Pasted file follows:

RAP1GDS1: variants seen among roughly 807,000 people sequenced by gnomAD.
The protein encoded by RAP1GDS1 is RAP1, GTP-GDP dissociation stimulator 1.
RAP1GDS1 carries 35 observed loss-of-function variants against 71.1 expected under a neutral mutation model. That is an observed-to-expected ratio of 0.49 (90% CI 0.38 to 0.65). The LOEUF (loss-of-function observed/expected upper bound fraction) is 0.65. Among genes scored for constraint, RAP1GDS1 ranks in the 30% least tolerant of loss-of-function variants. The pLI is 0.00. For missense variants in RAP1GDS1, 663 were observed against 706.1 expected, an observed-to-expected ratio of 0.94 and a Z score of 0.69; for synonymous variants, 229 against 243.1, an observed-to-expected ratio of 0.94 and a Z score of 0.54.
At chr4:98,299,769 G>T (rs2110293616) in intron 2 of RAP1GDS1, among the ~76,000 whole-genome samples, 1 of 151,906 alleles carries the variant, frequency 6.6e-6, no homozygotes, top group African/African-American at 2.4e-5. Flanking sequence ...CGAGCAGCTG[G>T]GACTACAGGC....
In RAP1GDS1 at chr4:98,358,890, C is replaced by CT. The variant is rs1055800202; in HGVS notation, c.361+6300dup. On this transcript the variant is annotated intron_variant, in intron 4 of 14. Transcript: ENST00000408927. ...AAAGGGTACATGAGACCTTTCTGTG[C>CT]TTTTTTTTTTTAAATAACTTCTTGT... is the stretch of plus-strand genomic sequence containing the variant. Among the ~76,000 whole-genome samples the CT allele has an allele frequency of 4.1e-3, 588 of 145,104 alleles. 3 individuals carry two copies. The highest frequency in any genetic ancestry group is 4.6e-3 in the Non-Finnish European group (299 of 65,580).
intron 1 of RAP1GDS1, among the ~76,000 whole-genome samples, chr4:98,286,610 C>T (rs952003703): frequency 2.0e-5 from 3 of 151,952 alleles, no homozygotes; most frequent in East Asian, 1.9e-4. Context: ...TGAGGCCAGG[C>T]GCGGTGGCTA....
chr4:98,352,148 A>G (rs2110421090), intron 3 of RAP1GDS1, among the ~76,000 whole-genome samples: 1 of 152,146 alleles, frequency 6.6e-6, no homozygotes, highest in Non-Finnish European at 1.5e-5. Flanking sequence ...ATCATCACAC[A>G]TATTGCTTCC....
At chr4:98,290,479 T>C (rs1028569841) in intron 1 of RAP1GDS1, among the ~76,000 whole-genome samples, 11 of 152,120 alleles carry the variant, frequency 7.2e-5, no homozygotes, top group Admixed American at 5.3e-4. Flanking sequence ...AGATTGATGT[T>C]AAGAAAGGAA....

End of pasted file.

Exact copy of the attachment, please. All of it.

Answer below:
RAP1GDS1: variants seen among roughly 807,000 people sequenced by gnomAD.
The protein encoded by RAP1GDS1 is RAP1, GTP-GDP dissociation stimulator 1.
RAP1GDS1 carries 35 observed loss-of-function variants against 71.1 expected under a neutral mutation model. That is an observed-to-expected ratio of 0.49 (90% CI 0.38 to 0.65). The LOEUF (loss-of-function observed/expected upper bound fraction) is 0.65. Among genes scored for constraint, RAP1GDS1 ranks in the 30% least tolerant of loss-of-function variants. The pLI is 0.00. For missense variants in RAP1GDS1, 663 were observed against 706.1 expected, an observed-to-expected ratio of 0.94 and a Z score of 0.69; for synonymous variants, 229 against 243.1, an observed-to-expected ratio of 0.94 and a Z score of 0.54.
At chr4:98,299,769 G>T (rs2110293616) in intron 2 of RAP1GDS1, among the ~76,000 whole-genome samples, 1 of 151,906 alleles carries the variant, frequency 6.6e-6, no homozygotes, top group African/African-American at 2.4e-5. Flanking sequence ...CGAGCAGCTG[G>T]GACTACAGGC....
In RAP1GDS1 at chr4:98,358,890, C is replaced by CT. The variant is rs1055800202; in HGVS notation, c.361+6300dup. On this transcript the variant is annotated intron_variant, in intron 4 of 14. Transcript: ENST00000408927. ...AAAGGGTACATGAGACCTTTCTGTG[C>CT]TTTTTTTTTTTAAATAACTTCTTGT... is the stretch of plus-strand genomic sequence containing the variant. Among the ~76,000 whole-genome samples the CT allele has an allele frequency of 4.1e-3, 588 of 145,104 alleles. 3 individuals carry two copies. The highest frequency in any genetic ancestry group is 4.6e-3 in the Non-Finnish European group (299 of 65,580).
intron 1 of RAP1GDS1, among the ~76,000 whole-genome samples, chr4:98,286,610 C>T (rs952003703): frequency 2.0e-5 from 3 of 151,952 alleles, no homozygotes; most frequent in East Asian, 1.9e-4. Context: ...TGAGGCCAGG[C>T]GCGGTGGCTA....
chr4:98,352,148 A>G (rs2110421090), intron 3 of RAP1GDS1, among the ~76,000 whole-genome samples: 1 of 152,146 alleles, frequency 6.6e-6, no homozygotes, highest in Non-Finnish European at 1.5e-5. Flanking sequence ...ATCATCACAC[A>G]TATTGCTTCC....
At chr4:98,290,479 T>C (rs1028569841) in intron 1 of RAP1GDS1, among the ~76,000 whole-genome samples, 11 of 152,120 alleles carry the variant, frequency 7.2e-5, no homozygotes, top group Admixed American at 5.3e-4. Flanking sequence ...AGATTGATGT[T>C]AAGAAAGGAA....